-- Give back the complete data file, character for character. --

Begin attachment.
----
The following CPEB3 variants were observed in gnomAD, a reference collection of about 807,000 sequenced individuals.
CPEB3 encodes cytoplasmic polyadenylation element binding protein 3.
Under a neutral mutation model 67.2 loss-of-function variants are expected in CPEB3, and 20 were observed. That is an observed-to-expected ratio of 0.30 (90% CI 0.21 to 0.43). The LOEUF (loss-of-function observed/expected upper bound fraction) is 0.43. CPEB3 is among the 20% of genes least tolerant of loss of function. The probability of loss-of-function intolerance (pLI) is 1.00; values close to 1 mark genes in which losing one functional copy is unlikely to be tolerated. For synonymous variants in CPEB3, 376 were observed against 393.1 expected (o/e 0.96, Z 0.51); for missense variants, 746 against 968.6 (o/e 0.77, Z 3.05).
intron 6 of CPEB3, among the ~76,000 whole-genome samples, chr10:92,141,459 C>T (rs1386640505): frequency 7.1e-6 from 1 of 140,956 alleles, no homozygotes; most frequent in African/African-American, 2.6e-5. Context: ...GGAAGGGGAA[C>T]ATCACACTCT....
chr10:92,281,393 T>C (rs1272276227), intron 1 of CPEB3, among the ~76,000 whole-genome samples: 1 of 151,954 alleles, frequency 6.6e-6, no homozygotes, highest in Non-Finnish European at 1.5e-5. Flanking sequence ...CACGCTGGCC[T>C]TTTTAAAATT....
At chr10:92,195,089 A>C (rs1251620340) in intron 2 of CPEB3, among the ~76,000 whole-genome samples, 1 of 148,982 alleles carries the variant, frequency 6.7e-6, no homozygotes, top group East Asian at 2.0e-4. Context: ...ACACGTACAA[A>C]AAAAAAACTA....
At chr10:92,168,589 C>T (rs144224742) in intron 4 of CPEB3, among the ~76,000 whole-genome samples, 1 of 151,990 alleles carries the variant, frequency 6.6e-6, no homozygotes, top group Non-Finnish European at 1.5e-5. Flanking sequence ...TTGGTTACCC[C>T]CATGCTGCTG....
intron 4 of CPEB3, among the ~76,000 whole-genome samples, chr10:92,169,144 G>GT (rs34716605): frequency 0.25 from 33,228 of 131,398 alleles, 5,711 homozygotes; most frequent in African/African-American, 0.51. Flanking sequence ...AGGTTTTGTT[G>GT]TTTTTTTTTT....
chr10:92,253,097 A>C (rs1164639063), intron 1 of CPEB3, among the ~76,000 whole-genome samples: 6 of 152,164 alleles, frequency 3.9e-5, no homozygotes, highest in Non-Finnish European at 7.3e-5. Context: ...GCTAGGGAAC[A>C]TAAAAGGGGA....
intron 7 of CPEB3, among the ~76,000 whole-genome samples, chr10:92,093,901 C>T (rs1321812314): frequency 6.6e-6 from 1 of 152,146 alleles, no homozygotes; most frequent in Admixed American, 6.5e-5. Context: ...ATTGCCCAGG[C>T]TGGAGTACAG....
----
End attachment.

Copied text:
The following CPEB3 variants were observed in gnomAD, a reference collection of about 807,000 sequenced individuals.
CPEB3 encodes cytoplasmic polyadenylation element binding protein 3.
Under a neutral mutation model 67.2 loss-of-function variants are expected in CPEB3, and 20 were observed. That is an observed-to-expected ratio of 0.30 (90% CI 0.21 to 0.43). The LOEUF (loss-of-function observed/expected upper bound fraction) is 0.43. CPEB3 is among the 20% of genes least tolerant of loss of function. The probability of loss-of-function intolerance (pLI) is 1.00; values close to 1 mark genes in which losing one functional copy is unlikely to be tolerated. For synonymous variants in CPEB3, 376 were observed against 393.1 expected (o/e 0.96, Z 0.51); for missense variants, 746 against 968.6 (o/e 0.77, Z 3.05).
intron 6 of CPEB3, among the ~76,000 whole-genome samples, chr10:92,141,459 C>T (rs1386640505): frequency 7.1e-6 from 1 of 140,956 alleles, no homozygotes; most frequent in African/African-American, 2.6e-5. Context: ...GGAAGGGGAA[C>T]ATCACACTCT....
chr10:92,281,393 T>C (rs1272276227), intron 1 of CPEB3, among the ~76,000 whole-genome samples: 1 of 151,954 alleles, frequency 6.6e-6, no homozygotes, highest in Non-Finnish European at 1.5e-5. Flanking sequence ...CACGCTGGCC[T>C]TTTTAAAATT....
At chr10:92,195,089 A>C (rs1251620340) in intron 2 of CPEB3, among the ~76,000 whole-genome samples, 1 of 148,982 alleles carries the variant, frequency 6.7e-6, no homozygotes, top group East Asian at 2.0e-4. Context: ...ACACGTACAA[A>C]AAAAAAACTA....
At chr10:92,168,589 C>T (rs144224742) in intron 4 of CPEB3, among the ~76,000 whole-genome samples, 1 of 151,990 alleles carries the variant, frequency 6.6e-6, no homozygotes, top group Non-Finnish European at 1.5e-5. Flanking sequence ...TTGGTTACCC[C>T]CATGCTGCTG....
intron 4 of CPEB3, among the ~76,000 whole-genome samples, chr10:92,169,144 G>GT (rs34716605): frequency 0.25 from 33,228 of 131,398 alleles, 5,711 homozygotes; most frequent in African/African-American, 0.51. Flanking sequence ...AGGTTTTGTT[G>GT]TTTTTTTTTT....
chr10:92,253,097 A>C (rs1164639063), intron 1 of CPEB3, among the ~76,000 whole-genome samples: 6 of 152,164 alleles, frequency 3.9e-5, no homozygotes, highest in Non-Finnish European at 7.3e-5. Context: ...GCTAGGGAAC[A>C]TAAAAGGGGA....
intron 7 of CPEB3, among the ~76,000 whole-genome samples, chr10:92,093,901 C>T (rs1321812314): frequency 6.6e-6 from 1 of 152,146 alleles, no homozygotes; most frequent in Admixed American, 6.5e-5. Context: ...ATTGCCCAGG[C>T]TGGAGTACAG....